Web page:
Novum Alpha - Daily Analysis 17 September 2020 (8-Minute Read)
Turning into Thursday and I hope it's turning out to be terrific for you!
In brief (TL:DR)
In today's issue...
In the last meeting of the U.S. Federal Reserve before November's presidential election, the Fed kept rates low and pledged to keep them low, as markets had already priced in.
But the lack of any new substantive measures, other than a pledge to keep rates low and continue buying Treasuries and mortgage-backed securities at the current rate did little to provide the boost that markets were hoping for.
Asian investors were disappointed by the lack of new measures from the Fed and the morning session reflected that, with Seoul’s KOSPI (-1.40%), Hong Kong’s Hang Seng Index (-1.61%), Sydney’s ASX 200 (-1.13%) and Tokyo's Nikkei 225 (-0.64%), all down before the lunch break.
1. Fed's Interest Rate Policy Will Make For Interesting Times
It's one thing when your date hints that she's up for a little bit more after dinner, but quite another if she blurts out in the middle of the meal that she's DTF.
And that's exactly what the U.S. Federal Reserve did yesterday - although to be sure, they're not looking to get in our pants.
While most investors had expected the Fed to continue holding interest rates near zero, Fed officials also signaled that they were likely to stay there for at least another three years, vowing to delay raising rates until the U.S. gets to maximum employment and hits its 2% inflation target.
In a statement issued on Wednesday, the Fed "expects to maintain an accommodative stance" until these outcomes are achieved.
But wait, there's more.
Because the Fed has also committed that it will continue buying Treasuries and mortgage-backed securities "at least at the current pace to sustain smooth market functioning," which sent the yield on 10-year and 30-year U.S. Treasuries spiking to session highs of 0.70% and 1.46% respectively, before coming back down.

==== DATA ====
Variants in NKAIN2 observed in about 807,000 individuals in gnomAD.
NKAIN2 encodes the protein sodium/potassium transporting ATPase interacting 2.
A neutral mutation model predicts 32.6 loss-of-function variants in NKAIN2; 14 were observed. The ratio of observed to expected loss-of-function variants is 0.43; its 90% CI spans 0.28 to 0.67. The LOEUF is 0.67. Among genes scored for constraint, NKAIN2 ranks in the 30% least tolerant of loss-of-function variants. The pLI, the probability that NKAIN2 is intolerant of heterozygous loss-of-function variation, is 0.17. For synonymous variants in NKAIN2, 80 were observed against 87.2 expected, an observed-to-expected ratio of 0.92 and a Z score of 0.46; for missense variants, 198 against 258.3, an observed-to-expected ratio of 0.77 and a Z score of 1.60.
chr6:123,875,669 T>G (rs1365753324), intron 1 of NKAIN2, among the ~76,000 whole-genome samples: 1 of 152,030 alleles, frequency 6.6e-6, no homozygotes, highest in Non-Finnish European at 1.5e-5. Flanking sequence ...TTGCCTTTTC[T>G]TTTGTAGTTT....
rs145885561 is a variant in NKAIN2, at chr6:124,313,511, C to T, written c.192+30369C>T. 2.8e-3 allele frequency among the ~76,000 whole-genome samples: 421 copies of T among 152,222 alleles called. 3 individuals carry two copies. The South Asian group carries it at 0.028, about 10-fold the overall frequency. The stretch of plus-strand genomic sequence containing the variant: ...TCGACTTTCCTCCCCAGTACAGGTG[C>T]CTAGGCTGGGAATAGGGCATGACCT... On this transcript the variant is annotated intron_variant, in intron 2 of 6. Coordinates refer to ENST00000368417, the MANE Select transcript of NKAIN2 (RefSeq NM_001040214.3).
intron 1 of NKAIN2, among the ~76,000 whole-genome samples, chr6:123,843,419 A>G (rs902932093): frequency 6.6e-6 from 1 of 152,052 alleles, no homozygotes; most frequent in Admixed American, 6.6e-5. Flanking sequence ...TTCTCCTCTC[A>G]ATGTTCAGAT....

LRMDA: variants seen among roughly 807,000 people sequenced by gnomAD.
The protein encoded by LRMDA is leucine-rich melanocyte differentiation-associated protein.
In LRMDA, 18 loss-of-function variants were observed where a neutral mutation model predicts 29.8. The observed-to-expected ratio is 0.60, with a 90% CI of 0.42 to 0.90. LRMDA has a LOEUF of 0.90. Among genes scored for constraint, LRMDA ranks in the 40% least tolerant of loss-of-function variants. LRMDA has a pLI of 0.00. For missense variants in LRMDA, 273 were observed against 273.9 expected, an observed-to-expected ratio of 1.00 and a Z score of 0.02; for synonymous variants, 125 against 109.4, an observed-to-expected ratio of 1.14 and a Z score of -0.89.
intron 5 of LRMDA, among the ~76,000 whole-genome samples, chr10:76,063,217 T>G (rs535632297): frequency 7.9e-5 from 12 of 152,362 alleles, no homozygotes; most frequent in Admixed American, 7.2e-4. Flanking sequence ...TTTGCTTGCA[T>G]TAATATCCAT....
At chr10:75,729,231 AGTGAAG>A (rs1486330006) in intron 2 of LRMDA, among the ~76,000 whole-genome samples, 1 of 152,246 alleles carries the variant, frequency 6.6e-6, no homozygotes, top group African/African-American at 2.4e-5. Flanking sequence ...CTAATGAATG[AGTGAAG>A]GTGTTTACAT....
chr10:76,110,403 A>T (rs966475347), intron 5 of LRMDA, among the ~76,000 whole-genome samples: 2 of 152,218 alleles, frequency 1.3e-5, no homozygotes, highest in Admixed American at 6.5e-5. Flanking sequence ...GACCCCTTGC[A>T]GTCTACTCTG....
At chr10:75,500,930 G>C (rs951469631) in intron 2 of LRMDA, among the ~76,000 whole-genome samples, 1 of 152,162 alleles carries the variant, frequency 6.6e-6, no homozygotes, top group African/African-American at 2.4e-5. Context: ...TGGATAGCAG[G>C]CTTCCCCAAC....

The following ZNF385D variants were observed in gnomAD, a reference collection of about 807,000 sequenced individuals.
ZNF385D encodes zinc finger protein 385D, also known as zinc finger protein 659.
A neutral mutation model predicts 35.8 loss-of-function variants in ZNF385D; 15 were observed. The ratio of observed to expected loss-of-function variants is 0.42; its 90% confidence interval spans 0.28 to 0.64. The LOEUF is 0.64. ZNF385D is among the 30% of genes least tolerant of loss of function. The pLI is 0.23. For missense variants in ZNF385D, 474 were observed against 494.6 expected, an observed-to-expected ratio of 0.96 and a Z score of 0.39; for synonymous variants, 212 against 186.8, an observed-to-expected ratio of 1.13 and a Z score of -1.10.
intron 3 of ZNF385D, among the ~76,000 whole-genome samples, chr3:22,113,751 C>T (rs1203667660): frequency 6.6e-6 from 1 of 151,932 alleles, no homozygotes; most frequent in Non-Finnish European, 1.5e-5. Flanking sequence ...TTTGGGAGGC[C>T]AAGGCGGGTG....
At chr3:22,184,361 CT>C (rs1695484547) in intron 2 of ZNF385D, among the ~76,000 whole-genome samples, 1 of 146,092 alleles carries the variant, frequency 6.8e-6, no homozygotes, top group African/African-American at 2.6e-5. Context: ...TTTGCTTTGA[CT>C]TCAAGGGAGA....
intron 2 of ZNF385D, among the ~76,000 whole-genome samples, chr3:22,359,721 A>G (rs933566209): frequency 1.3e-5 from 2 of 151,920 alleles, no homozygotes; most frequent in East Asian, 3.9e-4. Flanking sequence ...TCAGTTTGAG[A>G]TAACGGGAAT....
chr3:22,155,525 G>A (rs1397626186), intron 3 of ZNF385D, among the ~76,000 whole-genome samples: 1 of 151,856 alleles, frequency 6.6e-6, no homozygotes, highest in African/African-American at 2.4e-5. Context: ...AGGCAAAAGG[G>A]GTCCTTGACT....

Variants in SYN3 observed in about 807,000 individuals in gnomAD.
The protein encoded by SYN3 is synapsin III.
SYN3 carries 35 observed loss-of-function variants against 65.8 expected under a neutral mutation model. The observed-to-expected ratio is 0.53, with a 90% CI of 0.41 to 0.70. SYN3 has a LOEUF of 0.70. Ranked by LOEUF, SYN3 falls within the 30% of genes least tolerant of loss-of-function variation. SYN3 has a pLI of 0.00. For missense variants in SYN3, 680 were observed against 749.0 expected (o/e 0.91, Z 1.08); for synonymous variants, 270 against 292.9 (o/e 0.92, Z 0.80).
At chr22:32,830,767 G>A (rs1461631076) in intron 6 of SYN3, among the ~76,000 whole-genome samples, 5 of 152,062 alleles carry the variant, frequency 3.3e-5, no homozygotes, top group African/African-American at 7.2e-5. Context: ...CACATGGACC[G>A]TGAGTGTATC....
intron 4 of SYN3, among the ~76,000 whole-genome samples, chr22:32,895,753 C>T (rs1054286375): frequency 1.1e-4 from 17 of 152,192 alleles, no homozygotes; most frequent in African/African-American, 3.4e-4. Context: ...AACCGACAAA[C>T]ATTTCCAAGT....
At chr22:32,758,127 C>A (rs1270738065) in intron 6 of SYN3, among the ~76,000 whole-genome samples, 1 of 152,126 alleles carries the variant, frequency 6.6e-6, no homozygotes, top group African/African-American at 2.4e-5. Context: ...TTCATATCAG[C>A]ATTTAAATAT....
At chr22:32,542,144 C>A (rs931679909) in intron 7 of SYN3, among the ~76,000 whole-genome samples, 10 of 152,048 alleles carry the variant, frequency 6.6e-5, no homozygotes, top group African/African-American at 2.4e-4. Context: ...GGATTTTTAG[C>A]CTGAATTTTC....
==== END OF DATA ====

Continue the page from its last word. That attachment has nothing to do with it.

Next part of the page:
The Fed has set an enormously high bar to raise rates - and that could affect the investment landscape for the next few years at least.
New economic projections for instance, show that the Fed is still likely to keep rates near zero over the next three years even if inflation reaches 2% and unemployment falls to around 4%.
By way of comparison, when the Fed raised rates in 2015, after holding them near zero for 7 years after the financial crisis, unemployment was around 5% for that year and inflation was at 1.3%.
In other words, the Fed could well hold interest rates near zero for a very long time.
And that could have a dramatic distorting effect on assets and asset classes.
While stocks may enjoy a momentary bump, investors have already started to scrutinize valuations, especially for the most expensive tech stocks.
But short of viable alternatives, tech stocks are likely to continue doing well and highly rated bonds, gold and Bitcoin, will play off the inflation narrative.
And while the Fed used to keep making markets guess what it's next move on rates was going to be, this time it has spelled it out - investors are going to get some.
2. Interest Rates Are Low, Does That Mean It's All In On Stocks?
"But I would just say this. In the long run, and even in the medium run, you wouldn't want to bet against the American economy."
- Jerome Powell, Chairman, U.S. Federal Reserve, May 2020
But what Powell didn't say was not to bet against the U.S. stock market - yet that has been precisely what investors have interpreted his comments to mean.
With the inflation protected U.S. Treasuries yielding a record low -1.3%, the 4% earnings yield of the S&P 500 has proven irresistible for investors.